In July, the U.S. EPA issued a finalized rule aimed at reducing exposure to formaldehyde vapors from wood products produced domestically or imported into the United States. This ruling affects the manufacturers of flooring, furniture, and other household products that contain formaldehyde and was designed to keep toxic fumes from contaminating your home air. The products covered by this rule include: hardwood plywood, medium-density fiberboard, particleboard as well as household and other finished goods containing these specific materials.
What is formaldehyde?
Formaldehyde is a colorless and flammable chemical with a strong odor that is used in building materials and in the manufacturing of many household products. It is commonly used in pressed-wood products, such as: particleboard, plywood, and fiberboard. It is also commonly found in glues and adhesives, permanent-press fabrics, paper product coatings, and some insulation materials. Formaldehyde is also widely used as an industrial fungicide, germicide, and disinfectant, and as a preservative in mortuaries during embalming.
Formaldehyde may be listed under another chemical name. For instance, it is called methylene glycol in hair smoothing treatments designed to straighten hair. Other formaldehyde derivatives include methylene diphenyl diisocyanate, an important ingredient in polyurethane paints and foams, and hexamine, which is found in phenol-formaldehyde resins. What are the health risks associated with formaldehyde?
Exposure to low levels of formaldehyde may cause burning or watery eyes; irritation of the eyes, nose, and throat; coughing, wheezing, nausea, and skin irritation. Prolonged exposure or exposure to highconcentrations of formaldehyde may cause severe respiratory problems and even cancer. It is classified as a known carcinogen by the International Agency for Research on Cancer.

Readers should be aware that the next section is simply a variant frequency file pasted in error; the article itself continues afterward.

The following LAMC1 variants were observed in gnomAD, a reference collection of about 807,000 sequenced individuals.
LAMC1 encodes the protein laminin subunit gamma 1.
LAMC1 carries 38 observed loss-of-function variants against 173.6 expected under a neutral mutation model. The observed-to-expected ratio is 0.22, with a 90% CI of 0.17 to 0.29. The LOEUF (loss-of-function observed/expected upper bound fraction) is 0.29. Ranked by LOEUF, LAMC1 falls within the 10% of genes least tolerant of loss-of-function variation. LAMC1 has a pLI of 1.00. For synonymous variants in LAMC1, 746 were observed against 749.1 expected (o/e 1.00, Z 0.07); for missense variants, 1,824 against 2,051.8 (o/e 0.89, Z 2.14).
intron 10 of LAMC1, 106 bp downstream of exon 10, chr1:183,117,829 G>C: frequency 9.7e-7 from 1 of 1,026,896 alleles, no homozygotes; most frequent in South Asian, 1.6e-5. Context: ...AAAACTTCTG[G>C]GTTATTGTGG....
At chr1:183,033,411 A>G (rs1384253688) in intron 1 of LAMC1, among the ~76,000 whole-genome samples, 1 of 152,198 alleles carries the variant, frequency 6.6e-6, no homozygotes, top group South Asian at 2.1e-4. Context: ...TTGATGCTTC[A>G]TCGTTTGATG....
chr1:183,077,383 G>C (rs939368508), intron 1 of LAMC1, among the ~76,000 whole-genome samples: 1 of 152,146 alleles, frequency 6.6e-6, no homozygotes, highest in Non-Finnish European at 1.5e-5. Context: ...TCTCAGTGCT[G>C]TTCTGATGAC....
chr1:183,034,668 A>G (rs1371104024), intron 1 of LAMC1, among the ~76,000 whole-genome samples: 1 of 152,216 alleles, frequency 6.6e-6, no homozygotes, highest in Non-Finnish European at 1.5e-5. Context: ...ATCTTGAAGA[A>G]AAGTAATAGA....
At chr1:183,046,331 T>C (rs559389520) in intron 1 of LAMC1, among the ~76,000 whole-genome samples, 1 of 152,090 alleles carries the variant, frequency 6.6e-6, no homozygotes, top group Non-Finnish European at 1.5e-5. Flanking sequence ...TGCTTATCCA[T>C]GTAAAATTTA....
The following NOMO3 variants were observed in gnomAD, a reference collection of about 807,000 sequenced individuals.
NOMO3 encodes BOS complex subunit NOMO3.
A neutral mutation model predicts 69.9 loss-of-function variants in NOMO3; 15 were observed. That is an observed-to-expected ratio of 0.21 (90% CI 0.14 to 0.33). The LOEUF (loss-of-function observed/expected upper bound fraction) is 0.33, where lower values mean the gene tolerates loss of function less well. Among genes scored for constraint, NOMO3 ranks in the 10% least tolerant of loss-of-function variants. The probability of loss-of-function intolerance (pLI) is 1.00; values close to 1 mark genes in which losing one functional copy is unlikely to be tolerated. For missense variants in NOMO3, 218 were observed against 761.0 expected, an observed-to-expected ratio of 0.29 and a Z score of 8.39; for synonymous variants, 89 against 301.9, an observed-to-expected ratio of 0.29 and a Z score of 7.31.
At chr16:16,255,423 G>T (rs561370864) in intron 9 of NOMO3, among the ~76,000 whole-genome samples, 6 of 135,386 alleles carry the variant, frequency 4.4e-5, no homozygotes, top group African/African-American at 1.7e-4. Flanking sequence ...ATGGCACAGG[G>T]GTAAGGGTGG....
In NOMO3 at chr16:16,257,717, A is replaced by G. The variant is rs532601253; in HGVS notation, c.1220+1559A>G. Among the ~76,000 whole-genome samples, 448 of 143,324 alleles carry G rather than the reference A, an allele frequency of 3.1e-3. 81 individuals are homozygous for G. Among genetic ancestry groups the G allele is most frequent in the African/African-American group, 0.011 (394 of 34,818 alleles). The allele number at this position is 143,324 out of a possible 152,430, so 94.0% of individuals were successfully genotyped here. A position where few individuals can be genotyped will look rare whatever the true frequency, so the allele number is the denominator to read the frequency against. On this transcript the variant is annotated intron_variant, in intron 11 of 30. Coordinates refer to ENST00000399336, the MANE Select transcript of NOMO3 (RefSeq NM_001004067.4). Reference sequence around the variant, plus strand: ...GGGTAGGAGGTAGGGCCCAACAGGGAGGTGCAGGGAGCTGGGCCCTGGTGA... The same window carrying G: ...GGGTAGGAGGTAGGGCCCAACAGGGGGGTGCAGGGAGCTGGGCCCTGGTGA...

Here are some important points of interest to keep in mind regarding how this ruling affects the average American consumer:
#1 If you already have laminate or composite flooring, or furniture made from particleboard or fiberboard in your home, you will need a Home Air Test to alert you to the presence of formaldehyde. While the EPA has taken past measures to limit the amount of formaldehyde found in common household products, a recent exposé on Lumber Liquidators, one of the top flooring providers in the country, showed that even with these regulations in place, their flooring contained up to 20% more than the permissible amount set forth by regulatory standards. To protect your home air quality, it is your responsibility to test your home air for harmful VOCs (Volatile Organic Compounds) such as Formaldehyde.
#2 Manufacturers of these products have one year after the rule is published to label their products as compliant with TSCA Title VI. Many products that do not meet these new requirements will be marked down in order to move inventory before the new regulations begin. Avoid buying products containing these materials until the new regulations are enforced.
#3 This rule does not cover all products that are known to contain formaldehyde. Learn about the products that are covered by this ruling and limit use of products containing formaldehyde or any of its known derivatives.
To learn more about the ruling visit the EPA website.